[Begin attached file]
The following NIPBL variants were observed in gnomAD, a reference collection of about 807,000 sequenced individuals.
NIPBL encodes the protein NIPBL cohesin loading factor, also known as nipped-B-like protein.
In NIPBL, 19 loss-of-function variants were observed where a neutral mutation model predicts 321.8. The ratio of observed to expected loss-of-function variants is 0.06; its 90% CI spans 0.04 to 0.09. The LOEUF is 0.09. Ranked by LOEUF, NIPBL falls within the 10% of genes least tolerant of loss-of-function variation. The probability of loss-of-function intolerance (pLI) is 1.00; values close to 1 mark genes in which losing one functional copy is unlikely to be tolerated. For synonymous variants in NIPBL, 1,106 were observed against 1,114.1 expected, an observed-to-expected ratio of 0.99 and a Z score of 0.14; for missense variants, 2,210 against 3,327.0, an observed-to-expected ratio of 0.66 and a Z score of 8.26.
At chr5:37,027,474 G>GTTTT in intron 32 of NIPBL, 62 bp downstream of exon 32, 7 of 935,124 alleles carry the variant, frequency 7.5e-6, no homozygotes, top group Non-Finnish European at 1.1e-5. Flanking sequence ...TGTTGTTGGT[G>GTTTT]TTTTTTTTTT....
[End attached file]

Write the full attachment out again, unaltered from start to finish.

The following NIPBL variants were observed in gnomAD, a reference collection of about 807,000 sequenced individuals.
NIPBL encodes the protein NIPBL cohesin loading factor, also known as nipped-B-like protein.
In NIPBL, 19 loss-of-function variants were observed where a neutral mutation model predicts 321.8. The ratio of observed to expected loss-of-function variants is 0.06; its 90% CI spans 0.04 to 0.09. The LOEUF is 0.09. Ranked by LOEUF, NIPBL falls within the 10% of genes least tolerant of loss-of-function variation. The probability of loss-of-function intolerance (pLI) is 1.00; values close to 1 mark genes in which losing one functional copy is unlikely to be tolerated. For synonymous variants in NIPBL, 1,106 were observed against 1,114.1 expected, an observed-to-expected ratio of 0.99 and a Z score of 0.14; for missense variants, 2,210 against 3,327.0, an observed-to-expected ratio of 0.66 and a Z score of 8.26.
At chr5:37,027,474 G>GTTTT in intron 32 of NIPBL, 62 bp downstream of exon 32, 7 of 935,124 alleles carry the variant, frequency 7.5e-6, no homozygotes, top group Non-Finnish European at 1.1e-5. Flanking sequence ...TGTTGTTGGT[G>GTTTT]TTTTTTTTTT....